Although billions of federal disaster recovery funds have flowed into the city and state, disbursement of aid under Houston and Harris County administration has come slowly, and three years after the historic hurricane devastated the region some property owners are still waiting for assistance or reimbursements for repairs and rebuilding.
Last year the slow pace of the Houston program was flagged in a HUD audit, and the public learned that as of November 2019, Harris County had failed to assist a single homeowner and Houston had only begun work on 15 homes.
Consequently, Governor Greg Abbott announced last year that HUD grants for flood prevention projects would be managed by the GLO, but at that time Houston and Harris County remained in control of the recovery and rebuilding grants.
The HUD reconstruction funds carry an expiration date and must be spent by August 17, 2024, or the $1.27 billion will no longer be available to residents. Earlier this year, alarm continued to mount as Houston failed to meet the city’s own benchmarks set for disbursement.
In February of 2020 GLO Commissioner George P. Bush offered to assist Houston in streamlining and administering programs, but Mayor Sylvester Turner rejected the assistance. Progress continued to lag, and in May of 2020, Bush announced that the GLO would take over the funds and submit a new plan to HUD for approval.
Although the GLO began taking applications and initiating recovery projects in Houston and Harris County immediately, in July Turner filed suit on behalf of the city in a Travis County state district court. An initial district court injunction blocking the GLO program was overruled by the Supreme Court of Texas, but the lawsuit remains pending.
Last Monday however, HUD notified the GLO that Action Plan Amendment 7 had been approved, thus giving the state control of the recovery grants. The federal approval of the plan makes it more likely that courts will rule in favor of the state in the lawsuit.
Turner lambasted the HUD decision as “arbitrary” and said in a statement, “The homeowners and renters who have been impacted by Harvey are the ones who will suffer by their capricious action.”
The mayor says he has appealed to Houston’s congressional representation on the matter, but Republicans representing the region in the state legislature have been vocal in calling for state control of the funding.
Comparisons of the GLO and Houston programs and paint a stark contrast. Since the city filed the lawsuit on July 8, Houston has completed work on 23 homes, while the GLO has completed work on 422 homes. Since Houston’s program launched in January of 2019, the city has completed repairs or reconstruction on a total of 88 homes.
In addition, Houston has processed reimbursement requests for 93 homeowners, while the GLO has processed more than 2,800.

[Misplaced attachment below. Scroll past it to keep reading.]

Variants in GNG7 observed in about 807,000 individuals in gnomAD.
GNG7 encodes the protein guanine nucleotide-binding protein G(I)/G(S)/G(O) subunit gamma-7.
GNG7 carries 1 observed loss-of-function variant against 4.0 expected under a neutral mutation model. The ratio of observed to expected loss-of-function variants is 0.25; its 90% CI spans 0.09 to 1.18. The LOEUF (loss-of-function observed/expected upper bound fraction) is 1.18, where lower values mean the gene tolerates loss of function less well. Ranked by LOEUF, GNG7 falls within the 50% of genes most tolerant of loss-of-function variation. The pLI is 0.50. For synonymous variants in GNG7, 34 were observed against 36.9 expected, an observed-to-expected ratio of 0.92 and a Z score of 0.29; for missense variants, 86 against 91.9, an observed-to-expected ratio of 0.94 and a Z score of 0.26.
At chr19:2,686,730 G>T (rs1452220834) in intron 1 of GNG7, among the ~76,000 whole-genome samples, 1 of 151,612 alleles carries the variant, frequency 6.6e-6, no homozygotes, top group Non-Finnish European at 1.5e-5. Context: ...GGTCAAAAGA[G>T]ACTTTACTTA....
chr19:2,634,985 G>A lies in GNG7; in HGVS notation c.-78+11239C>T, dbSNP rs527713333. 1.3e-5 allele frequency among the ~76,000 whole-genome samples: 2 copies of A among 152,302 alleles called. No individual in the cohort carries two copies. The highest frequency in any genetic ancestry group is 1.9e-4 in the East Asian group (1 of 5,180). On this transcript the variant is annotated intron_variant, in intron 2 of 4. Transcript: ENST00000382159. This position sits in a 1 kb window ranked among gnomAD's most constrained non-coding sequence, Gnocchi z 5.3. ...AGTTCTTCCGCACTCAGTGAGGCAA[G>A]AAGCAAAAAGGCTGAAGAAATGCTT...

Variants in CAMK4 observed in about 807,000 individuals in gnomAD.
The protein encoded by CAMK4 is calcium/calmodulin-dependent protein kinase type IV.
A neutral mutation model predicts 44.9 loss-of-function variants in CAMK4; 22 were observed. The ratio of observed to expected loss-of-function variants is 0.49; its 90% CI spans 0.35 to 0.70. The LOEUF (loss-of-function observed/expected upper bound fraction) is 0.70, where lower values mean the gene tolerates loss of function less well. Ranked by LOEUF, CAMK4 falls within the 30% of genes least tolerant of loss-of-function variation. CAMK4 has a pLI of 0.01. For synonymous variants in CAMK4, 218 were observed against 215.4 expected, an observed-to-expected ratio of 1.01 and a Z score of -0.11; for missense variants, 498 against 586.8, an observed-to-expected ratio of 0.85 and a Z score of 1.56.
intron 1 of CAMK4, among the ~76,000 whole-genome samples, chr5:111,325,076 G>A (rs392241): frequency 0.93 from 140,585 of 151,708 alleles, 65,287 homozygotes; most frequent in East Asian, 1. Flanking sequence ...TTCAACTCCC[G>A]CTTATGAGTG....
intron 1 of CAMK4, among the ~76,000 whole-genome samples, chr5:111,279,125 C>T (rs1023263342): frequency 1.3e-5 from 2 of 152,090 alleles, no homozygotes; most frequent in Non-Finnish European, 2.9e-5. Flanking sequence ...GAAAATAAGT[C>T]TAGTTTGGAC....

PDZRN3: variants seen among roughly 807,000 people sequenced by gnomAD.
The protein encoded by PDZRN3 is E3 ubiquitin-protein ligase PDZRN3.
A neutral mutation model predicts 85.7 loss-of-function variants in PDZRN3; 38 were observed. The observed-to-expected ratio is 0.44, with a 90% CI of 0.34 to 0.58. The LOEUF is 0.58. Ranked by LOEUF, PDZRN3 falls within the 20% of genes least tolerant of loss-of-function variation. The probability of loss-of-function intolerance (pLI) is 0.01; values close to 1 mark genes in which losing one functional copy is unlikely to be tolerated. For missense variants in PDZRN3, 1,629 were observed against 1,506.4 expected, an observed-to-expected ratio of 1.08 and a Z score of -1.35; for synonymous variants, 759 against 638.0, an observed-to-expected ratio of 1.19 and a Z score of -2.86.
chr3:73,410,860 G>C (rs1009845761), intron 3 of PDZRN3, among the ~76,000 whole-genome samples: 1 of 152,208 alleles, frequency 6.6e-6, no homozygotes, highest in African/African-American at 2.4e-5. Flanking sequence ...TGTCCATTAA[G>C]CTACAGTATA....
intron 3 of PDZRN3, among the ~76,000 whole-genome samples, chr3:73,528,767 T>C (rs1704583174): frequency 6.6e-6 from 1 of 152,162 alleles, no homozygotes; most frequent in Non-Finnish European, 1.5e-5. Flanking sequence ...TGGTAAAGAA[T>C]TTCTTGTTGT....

“We actually found cost savings in the reimbursement program that were so efficient that we have saved approximately $3 million,” GLO communications director Brittany Eck told The Texan. “Because of these savings, we think we will be able to reimburse everyone who is eligible under HUD’s rules.”
Eck also said that the efficiency of the state’s procedures will allow the GLO to completely process all applications and wrap up the reimbursement program by the end of this year.
Turner says that the city’s program is designed to prioritize those most in need, but the complicated process which requires residents to answer a screening survey before being invited to apply for funds has kept progress to a minimum. Some residents who were unable to obtain help from the city found quick assistance from the GLO program beginning last spring and have already moved into rebuilt homes.
Despite using a more streamlined process, the GLO says its program has expended more than 80 percent of funds on low to moderate-income residents.
One controversial aspect of the Houston program is a 20-year property lien that is tucked into the agreement with property owners receiving more than $80,000 in assistance. The provision would require owners to pay back assistance to the city if the property is sold during the lien period, and does not appear to include exceptions. The GLO’s program includes a 3-year lien, but makes exceptions in cases where property owners are deceased or must sell the property due to other hardships.
While Turner has also decried the HUD decision as part of a “political and partisan” environment, on Wednesday, October 7, the GLO sent the mayor a letter proposing a collaborative effort between the city and state. The letter states that the GLO would consider allowing Houston to “administer certain programs with which it achieved some degree of success,” and proposes benchmarks for the city to demonstrate the ability to complete work and draw funds before the August 2024 deadline.
According to the GLO, Turner has not yet responded to the proposal.
Houston homeowners who wish to apply for the state program may do so online, by email at [email protected], or by mail to Homeowner Assistance Program, 2100 Space Park Drive, Suite 104, Houston, TX 77058. Manual applications may be downloaded from the GLO website.
Applicants may also call (346) 222-4686 or (866) 317-1998 (toll-free) and a regional office team member will assist with the application process.
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Holly Hansen is a freelance writer living in Harris County. Her former column, “All In Perspective” ran in The Georgetown Advocate, Jarrell Star Ledger, and The Hill Country News, and she has contributed to a variety of Texas digital media outlets. She graduated summa cum laude from the University of Central Florida with a degree in History, and in addition to writing about politics and policy, also writes about faith and culture.